One further point remains. In many of his earlier dialogues, such as The Gorgias, and in one of his later dialogues, The Sophist, Plato is concerned to differentiate the dialectician from the rhetorician and the sophist. All three employ the same, or very similar, methods. All three are skilled in the same or very similar uses of the mind. But the essential and crucial difference for Plato is that the dialectician’s intellectual processes are governed throughout by dedication to the truth, whereas both the rhetorician and the sophist, often the same person, aim only to win the argument, regardless of the truth about the matters under consideration.

Aristotle [384-322 B.C.]Aristotle’s organization of knowledge resembles Plato’s educational plan in three respects.

First, like Plato, Aristotle places at the outset of learning the disciplines governing the use of language and the operations of the mind, skills conferred by the study of grammar and logic. The initial work in the corpus of Aristotelian writings is called the Organon, which consists of a series of treatises that deal with the use of words, the interpretation and analysis of statements, the rules of reasoning, the methods of science, and the devices of argumentation. Competence in such matters is preparatory for all further learning. That is why it precedes all the rest.

The second point of similarity lies in the fact that Aristotle, like Plato, reserves the study of certain subjects for that period of life when, through the dint of much experience, individuals have attained full maturity. He tells us that the study of ethics and politics is not for the young. They do not have enough experience of human affairs to make sound judgments about what ought to be sought and ought to be done in the conduct of life and in the government of society.

The third respect in which Plato and Aristotle appear to be of one mind, although the terms they use are quite different, has to do with the culmination or highest level of study in the pursuit of theoretical truth and of philosophical wisdom. This, as we have seen, goes by the name of dialectic for Plato and is the study of ideas; whereas, for Aristotle, this is the highest of all sciences, sometimes called metaphysics, sometimes the first philosophy, and sometimes theology.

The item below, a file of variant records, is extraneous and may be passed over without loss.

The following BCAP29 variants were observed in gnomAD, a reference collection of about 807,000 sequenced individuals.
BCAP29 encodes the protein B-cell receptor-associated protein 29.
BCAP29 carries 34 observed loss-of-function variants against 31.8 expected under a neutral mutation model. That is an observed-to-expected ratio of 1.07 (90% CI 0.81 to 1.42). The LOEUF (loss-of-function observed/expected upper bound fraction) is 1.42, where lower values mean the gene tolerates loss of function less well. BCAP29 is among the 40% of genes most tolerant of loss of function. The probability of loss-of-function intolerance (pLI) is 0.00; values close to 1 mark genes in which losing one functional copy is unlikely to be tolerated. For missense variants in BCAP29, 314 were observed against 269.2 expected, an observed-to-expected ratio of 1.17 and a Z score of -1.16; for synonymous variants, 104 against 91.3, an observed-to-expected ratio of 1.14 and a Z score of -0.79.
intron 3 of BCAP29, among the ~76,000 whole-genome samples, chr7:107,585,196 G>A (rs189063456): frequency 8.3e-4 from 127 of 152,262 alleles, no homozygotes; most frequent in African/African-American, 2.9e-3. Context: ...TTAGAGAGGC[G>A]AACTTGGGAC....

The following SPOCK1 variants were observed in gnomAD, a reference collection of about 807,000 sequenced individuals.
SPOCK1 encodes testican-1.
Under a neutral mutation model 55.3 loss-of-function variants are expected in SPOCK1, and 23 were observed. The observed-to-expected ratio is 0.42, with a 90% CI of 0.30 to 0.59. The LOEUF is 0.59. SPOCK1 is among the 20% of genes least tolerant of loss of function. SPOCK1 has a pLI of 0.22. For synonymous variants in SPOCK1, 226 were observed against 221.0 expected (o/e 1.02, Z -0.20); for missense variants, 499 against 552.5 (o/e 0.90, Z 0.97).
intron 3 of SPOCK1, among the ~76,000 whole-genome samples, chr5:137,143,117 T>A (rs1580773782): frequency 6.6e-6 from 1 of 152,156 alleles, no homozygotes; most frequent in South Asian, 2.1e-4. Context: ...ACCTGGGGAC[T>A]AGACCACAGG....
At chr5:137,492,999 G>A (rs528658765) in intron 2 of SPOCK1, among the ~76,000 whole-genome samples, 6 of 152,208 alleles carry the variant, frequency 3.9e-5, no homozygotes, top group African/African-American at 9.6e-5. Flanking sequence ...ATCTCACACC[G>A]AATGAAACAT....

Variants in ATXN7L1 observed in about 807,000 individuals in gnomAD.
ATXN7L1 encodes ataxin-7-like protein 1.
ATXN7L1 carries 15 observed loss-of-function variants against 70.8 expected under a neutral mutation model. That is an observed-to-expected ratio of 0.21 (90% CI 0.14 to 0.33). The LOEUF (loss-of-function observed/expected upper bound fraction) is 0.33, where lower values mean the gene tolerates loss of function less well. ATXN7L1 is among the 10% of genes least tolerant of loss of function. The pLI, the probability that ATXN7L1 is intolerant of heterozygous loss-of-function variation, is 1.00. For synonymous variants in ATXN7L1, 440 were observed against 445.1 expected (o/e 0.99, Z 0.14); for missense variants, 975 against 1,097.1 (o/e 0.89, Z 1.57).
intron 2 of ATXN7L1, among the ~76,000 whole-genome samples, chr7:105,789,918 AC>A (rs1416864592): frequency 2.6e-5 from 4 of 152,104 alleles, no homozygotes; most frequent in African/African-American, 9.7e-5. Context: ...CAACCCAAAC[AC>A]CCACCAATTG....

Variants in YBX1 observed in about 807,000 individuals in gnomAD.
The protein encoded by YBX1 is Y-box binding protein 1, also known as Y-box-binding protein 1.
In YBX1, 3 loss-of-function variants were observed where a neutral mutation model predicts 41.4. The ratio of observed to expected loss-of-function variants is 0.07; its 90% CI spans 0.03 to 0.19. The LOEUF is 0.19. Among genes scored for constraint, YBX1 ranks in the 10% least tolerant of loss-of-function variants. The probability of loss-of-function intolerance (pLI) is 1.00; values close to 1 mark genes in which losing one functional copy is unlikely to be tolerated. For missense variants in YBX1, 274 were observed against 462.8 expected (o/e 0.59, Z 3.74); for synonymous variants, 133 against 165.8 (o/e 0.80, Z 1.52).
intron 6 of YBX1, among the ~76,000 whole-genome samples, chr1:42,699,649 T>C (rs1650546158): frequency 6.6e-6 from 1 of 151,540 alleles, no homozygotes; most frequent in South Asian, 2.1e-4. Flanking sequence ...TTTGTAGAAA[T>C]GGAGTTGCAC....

Each of the three names is appropriate: “metaphysics,” inasmuch as the science in question goes beyond physics and is concerned with being rather than change, motion, or becoming; “first philosophy,” because it deals with first principles, principles underlying and common to all other branches of knowledge; and “theology,” because its concluding chapters are concerned with God.

With these similarities acknowledged, we find many significant differences. One is that Aristotle puts into his scheme a whole set of sciences that Plato omits; namely, the sciences that give us knowledge of the physical world and of the observable phenomena of nature. In the collection of Aristotelian writings, the grammatical and logical treatises of the Organon are directly followed by physical treatises that deal with terrestrial change, motion, generation, and corruption, with the causes operative in all these transformations, and with space, time, and eternity. These are followed by a treatise that deals with celestial motions. Next in line come a whole series of biological works, sciences concerned with the classification of plants and animals, with their procreation or generation, and with their parts or vital organs.

The last in this series of works is a treatise on the soul — Aristotle’s psychology. It deals with the scale of living things and with the vegetative powers of plant organisms and the sensitive and locomotive powers of animal organisms before coming to the sensitive and intellectual powers of human organisms. In this latter connection, Aristotle’s psychology serves as a bridge from his physical and biological sciences to his purely philosophical work, his Metaphysics.

It is necessary to remember that in Aristotle’s day the words “science” and “philosophy” did not have the connotations they have today, which signify two quite different kinds of inquiry and types of knowledge. Nevertheless, it is sufficiently clear that, with the exception of the treatise called Physics, which is more natural philosophy than natural science, the rest, especially Aristotle’s biological treatises, are empirical and investigative sciences based on the observation of natural phenomena. They represent the beginnings of empirical science in the modern sense of that term.

In sharp contrast, Aristotle’s Physics and Metaphysics are philosophical works that do not involve empirical investigation, even though their reflective and analytical thought is based to a certain extent on simple, common experiences that all of us enjoy without our making any deliberate effort to investigate.